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Clinical Trials: BIO Comments on FDA Draft Guidance : Master Protocols: Efficient Clinical Trial Design Strategies to Expedite Development of Oncology Drugs and Biologics

November 28, 2018

Re: Docket No. FDA-2018-D-3292: Master Protocols: Efficient Clinical Trial Design Strategies to Expedite Development of Oncology Drugs and Biologics; Draft Guidance for Industry

Dear Sir/Madam:

The Biotechnology Innovation Organization (BIO) thanks the Food and Drug Administration (FDA) for the opportunity to submit comments to the Draft Guidance on Master Protocols: Efficient Clinical Trial Design Strategies to Expedite Development of Oncology Drugs and Biologics.

BIO is the world's largest trade association representing biotechnology companies, academic institutions, state biotechnology centers and related organizations across the United States and in more than 30 other nations. BIO members are involved in the research and development of innovative healthcare, agricultural, industrial, and environmental biotechnology products.

This Draft Guidance provides important information to allow companies to use master protocols and is welcomed by our members. The clinical sections are well-covered, however, the statistical sections lack completeness and clarity. For example, information critical for controlling for type I error in Master Protocols appears to be missing from this draft guidance. The full potential of a confirmatory master protocol trial can only be realized with consensus on type I error control. We have provided comments below to address this issue that we hope the Agency will consider.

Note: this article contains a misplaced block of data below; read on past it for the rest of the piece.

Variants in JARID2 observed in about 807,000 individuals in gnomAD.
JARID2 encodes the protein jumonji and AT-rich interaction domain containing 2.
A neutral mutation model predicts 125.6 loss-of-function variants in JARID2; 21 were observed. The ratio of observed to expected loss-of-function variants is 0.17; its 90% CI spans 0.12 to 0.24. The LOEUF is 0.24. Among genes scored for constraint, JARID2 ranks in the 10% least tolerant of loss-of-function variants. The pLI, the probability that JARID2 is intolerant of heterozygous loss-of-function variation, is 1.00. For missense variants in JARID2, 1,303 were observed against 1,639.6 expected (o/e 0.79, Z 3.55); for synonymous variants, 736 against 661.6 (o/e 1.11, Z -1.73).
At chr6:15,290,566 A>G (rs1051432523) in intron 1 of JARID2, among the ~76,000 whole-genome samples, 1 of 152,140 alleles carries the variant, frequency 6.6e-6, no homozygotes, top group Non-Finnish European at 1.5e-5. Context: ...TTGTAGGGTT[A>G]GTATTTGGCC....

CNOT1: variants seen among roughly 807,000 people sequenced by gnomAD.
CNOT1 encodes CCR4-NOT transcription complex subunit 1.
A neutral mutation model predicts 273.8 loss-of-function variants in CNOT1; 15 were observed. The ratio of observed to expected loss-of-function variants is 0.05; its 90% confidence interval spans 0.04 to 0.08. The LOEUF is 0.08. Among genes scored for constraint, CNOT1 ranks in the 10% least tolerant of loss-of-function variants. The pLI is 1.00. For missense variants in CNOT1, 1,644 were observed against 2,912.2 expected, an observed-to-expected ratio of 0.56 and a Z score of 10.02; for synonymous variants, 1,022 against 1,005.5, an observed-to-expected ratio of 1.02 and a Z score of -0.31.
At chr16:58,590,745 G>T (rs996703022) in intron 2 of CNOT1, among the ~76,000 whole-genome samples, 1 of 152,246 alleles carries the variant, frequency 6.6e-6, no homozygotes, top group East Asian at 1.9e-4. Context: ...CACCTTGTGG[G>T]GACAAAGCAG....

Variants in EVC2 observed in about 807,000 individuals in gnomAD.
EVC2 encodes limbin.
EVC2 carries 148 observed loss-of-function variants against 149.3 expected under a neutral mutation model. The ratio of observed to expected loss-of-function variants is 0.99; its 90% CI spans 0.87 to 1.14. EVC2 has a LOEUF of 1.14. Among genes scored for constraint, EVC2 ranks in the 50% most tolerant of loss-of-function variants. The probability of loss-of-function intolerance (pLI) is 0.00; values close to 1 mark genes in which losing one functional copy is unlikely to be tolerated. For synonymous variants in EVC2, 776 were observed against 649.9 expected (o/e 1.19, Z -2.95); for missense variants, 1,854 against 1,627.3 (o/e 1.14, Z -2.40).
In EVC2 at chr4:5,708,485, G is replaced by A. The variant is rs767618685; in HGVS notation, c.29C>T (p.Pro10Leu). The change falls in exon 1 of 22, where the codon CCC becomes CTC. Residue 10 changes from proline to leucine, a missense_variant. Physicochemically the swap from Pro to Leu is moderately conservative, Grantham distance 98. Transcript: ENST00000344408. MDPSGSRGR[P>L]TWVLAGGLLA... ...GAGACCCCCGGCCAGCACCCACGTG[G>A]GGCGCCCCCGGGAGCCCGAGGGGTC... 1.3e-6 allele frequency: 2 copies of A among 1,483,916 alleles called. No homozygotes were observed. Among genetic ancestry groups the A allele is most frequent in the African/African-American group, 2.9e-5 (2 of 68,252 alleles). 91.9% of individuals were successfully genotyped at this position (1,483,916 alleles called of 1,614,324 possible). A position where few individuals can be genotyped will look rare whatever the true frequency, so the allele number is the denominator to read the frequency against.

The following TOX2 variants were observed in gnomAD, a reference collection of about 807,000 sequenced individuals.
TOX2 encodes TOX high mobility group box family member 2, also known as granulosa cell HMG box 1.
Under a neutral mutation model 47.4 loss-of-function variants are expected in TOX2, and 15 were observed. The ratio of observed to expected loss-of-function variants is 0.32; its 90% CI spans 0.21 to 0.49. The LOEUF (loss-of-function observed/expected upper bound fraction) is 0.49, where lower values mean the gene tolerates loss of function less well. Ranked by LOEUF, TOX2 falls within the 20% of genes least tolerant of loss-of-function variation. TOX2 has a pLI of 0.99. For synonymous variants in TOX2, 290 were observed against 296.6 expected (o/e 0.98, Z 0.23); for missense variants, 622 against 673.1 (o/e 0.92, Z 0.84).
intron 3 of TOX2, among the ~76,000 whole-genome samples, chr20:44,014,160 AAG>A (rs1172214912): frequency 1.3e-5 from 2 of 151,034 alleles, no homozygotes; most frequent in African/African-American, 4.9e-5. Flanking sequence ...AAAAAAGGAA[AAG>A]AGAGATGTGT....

As a general comment, we find that FDA’s thinking and expectations for master protocols used in early stage trials versus late stage trials is not fully clear. It would be helpful if FDA would provide further explanation for what should be considered for an early stage trial and, similarly, for a late stage trial, and what would apply to both.

Secondly, BIO believes the Draft Guidance could define the three types of Master Protocol trials that are introduced in Section 1: Basket, Umbrella, and Platform. In addition, it would be beneficial to add a description of platform trials under Section IV, as it was done for basket and umbrella trials. For reference, we would suggest the definitions included in Janet Woodcock’s 2017 publication, “Master Protocols to Study Multiple Therapies, Multiple Diseases, or Both”[1].

Furthermore, the Draft Guidance should provide additional clarification over certain master protocol design specifications such as in the disease areas where multiple acceptable standards of care (SOC) are available for the studied population, would the agency agree that one investigational arm may be compared to two different control arms? In addition, the Draft Guidance should provide additional information around how to handle a master protocol with sub-studies which will form a basis of a marketing application (i.e., phase 3 trial).

BIO appreciates this opportunity to submit comments on the Draft Guidance on Master Protocols: Efficient Clinical Trial Design Strategies to Expedite Development of Oncology Drugs and Biologics. We provide additional specific, detailed comments to improve the clarity of the Draft Guidance in the following chart. We would be pleased to provide further input or clarification of our comments, as needed.

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